Collections

If you’ve recently reviewed your credit report and found an account in collections, it’s likely that your credit score is being negatively affected by that unpaid debt. A debt is sent to collections when the original creditor has given up on trying to collect payment—often after 180 days or more.

When you apply for credit in the future, potential lenders will be able to see collection accounts as part of your credit report. For many people, that means it’s a priority to get these accounts removed, making it easier to secure credit down the road. 

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How can removing a collection account affect your credit score?

Removing a collection account from your credit report will likely improve your score in most circumstances. An account in collections is a negative item that can deter potential lenders, so removing that mark from your credit report is likely to have a positive effect.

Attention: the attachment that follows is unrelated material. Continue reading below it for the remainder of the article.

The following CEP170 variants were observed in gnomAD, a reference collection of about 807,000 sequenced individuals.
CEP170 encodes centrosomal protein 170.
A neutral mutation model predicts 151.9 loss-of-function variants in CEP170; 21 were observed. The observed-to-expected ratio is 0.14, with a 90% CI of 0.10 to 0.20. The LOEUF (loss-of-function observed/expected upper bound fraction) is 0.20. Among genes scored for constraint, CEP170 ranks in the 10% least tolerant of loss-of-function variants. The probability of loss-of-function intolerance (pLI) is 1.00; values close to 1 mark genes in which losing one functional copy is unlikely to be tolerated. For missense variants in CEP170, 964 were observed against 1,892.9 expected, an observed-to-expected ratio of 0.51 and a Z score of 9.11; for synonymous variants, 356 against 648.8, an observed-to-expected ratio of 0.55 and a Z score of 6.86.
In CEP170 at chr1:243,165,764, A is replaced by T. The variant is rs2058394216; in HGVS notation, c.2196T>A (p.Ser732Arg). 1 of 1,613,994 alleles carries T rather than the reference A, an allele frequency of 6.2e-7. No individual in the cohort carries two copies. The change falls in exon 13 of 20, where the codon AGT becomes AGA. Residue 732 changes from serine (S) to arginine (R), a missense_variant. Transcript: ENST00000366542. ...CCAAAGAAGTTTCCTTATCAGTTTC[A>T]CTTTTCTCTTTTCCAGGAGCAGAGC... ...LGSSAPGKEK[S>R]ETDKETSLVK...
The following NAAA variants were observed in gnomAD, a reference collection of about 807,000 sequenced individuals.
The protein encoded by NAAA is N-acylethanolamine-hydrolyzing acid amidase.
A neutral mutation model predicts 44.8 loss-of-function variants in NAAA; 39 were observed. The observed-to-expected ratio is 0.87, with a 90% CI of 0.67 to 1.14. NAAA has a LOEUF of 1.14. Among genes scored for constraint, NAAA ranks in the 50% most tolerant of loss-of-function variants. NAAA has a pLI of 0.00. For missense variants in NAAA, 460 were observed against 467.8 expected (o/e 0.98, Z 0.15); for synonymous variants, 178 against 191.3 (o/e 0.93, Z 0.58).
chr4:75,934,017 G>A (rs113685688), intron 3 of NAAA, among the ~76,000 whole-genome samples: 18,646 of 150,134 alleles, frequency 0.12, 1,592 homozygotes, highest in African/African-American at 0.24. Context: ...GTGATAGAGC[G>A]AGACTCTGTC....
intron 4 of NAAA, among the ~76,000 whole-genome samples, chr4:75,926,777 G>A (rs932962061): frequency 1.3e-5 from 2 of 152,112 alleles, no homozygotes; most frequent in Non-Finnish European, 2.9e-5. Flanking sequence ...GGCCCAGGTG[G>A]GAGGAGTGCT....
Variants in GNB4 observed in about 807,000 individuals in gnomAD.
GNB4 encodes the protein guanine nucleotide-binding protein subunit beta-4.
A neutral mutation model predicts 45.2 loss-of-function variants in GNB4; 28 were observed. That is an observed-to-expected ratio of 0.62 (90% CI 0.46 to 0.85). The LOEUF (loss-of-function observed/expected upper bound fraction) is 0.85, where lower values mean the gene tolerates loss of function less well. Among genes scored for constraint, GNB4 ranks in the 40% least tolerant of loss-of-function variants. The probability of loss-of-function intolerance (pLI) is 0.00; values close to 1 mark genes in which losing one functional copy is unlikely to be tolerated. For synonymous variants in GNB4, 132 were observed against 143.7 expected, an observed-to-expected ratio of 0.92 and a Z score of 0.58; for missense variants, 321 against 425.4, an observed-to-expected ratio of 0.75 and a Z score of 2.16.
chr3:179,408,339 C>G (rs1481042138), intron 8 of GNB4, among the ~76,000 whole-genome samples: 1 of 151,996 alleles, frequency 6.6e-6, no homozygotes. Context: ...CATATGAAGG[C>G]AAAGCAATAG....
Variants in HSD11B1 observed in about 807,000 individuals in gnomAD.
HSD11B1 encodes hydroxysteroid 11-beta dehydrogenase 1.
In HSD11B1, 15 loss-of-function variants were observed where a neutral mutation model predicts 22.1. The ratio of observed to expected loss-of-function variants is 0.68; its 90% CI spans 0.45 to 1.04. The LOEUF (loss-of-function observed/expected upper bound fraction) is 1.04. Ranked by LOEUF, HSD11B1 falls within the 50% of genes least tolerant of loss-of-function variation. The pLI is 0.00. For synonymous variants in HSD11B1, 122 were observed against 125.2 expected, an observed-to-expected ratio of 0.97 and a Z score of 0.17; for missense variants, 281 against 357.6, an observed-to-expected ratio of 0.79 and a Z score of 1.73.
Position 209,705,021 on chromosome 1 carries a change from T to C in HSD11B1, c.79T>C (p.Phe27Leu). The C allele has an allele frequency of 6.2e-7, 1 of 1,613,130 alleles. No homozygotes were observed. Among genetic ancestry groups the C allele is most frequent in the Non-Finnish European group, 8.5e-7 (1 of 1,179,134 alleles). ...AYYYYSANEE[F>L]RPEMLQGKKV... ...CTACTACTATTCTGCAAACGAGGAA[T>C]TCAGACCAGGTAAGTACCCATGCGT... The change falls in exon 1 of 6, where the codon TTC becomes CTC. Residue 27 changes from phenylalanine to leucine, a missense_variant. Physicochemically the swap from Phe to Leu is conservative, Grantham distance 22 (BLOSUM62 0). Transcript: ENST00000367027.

Plus, simply paying off a collection account is not likely to increase your score, so taking the extra step to try to get it removed is often a good idea.

Both pay for delete and goodwill letters are possible courses of action for legitimate collection accounts, but you want to be on the lookout for accounts that are inaccurate or contain errors. In those cases, your best bet is to file a dispute with the credit bureaus to have the accounts investigated and potentially removed.

 

To avoid having to manage the dispute process yourself, work with the team at Slate Credit Repair to get support every step of the way.